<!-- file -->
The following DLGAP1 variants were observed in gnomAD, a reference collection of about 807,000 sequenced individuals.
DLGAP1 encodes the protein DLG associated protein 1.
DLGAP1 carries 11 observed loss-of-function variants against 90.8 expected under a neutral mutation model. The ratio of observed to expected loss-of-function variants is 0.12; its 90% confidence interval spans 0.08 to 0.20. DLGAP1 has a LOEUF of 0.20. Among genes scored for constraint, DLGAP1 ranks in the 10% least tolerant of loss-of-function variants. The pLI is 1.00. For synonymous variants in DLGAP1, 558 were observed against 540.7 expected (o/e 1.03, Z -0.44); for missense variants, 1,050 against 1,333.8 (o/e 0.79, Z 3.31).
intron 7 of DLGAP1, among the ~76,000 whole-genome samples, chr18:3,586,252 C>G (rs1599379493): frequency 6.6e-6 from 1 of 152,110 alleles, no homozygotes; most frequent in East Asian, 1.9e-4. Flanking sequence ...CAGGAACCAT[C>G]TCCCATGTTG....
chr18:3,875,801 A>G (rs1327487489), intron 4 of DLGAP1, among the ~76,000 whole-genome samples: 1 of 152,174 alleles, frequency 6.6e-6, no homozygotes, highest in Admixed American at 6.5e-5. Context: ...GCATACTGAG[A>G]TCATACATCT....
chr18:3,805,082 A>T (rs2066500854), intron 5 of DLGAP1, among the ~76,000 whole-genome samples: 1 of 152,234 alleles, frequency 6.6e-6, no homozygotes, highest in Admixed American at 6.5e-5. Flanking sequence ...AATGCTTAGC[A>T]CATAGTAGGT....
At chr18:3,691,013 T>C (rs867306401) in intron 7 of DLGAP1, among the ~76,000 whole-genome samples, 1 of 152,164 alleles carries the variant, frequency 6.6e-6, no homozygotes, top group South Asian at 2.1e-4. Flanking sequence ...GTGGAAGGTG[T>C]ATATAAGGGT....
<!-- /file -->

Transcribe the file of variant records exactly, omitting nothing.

The following DLGAP1 variants were observed in gnomAD, a reference collection of about 807,000 sequenced individuals.
DLGAP1 encodes the protein DLG associated protein 1.
DLGAP1 carries 11 observed loss-of-function variants against 90.8 expected under a neutral mutation model. The ratio of observed to expected loss-of-function variants is 0.12; its 90% confidence interval spans 0.08 to 0.20. DLGAP1 has a LOEUF of 0.20. Among genes scored for constraint, DLGAP1 ranks in the 10% least tolerant of loss-of-function variants. The pLI is 1.00. For synonymous variants in DLGAP1, 558 were observed against 540.7 expected (o/e 1.03, Z -0.44); for missense variants, 1,050 against 1,333.8 (o/e 0.79, Z 3.31).
intron 7 of DLGAP1, among the ~76,000 whole-genome samples, chr18:3,586,252 C>G (rs1599379493): frequency 6.6e-6 from 1 of 152,110 alleles, no homozygotes; most frequent in East Asian, 1.9e-4. Flanking sequence ...CAGGAACCAT[C>G]TCCCATGTTG....
chr18:3,875,801 A>G (rs1327487489), intron 4 of DLGAP1, among the ~76,000 whole-genome samples: 1 of 152,174 alleles, frequency 6.6e-6, no homozygotes, highest in Admixed American at 6.5e-5. Context: ...GCATACTGAG[A>G]TCATACATCT....
chr18:3,805,082 A>T (rs2066500854), intron 5 of DLGAP1, among the ~76,000 whole-genome samples: 1 of 152,234 alleles, frequency 6.6e-6, no homozygotes, highest in Admixed American at 6.5e-5. Flanking sequence ...AATGCTTAGC[A>T]CATAGTAGGT....
At chr18:3,691,013 T>C (rs867306401) in intron 7 of DLGAP1, among the ~76,000 whole-genome samples, 1 of 152,164 alleles carries the variant, frequency 6.6e-6, no homozygotes, top group South Asian at 2.1e-4. Flanking sequence ...GTGGAAGGTG[T>C]ATATAAGGGT....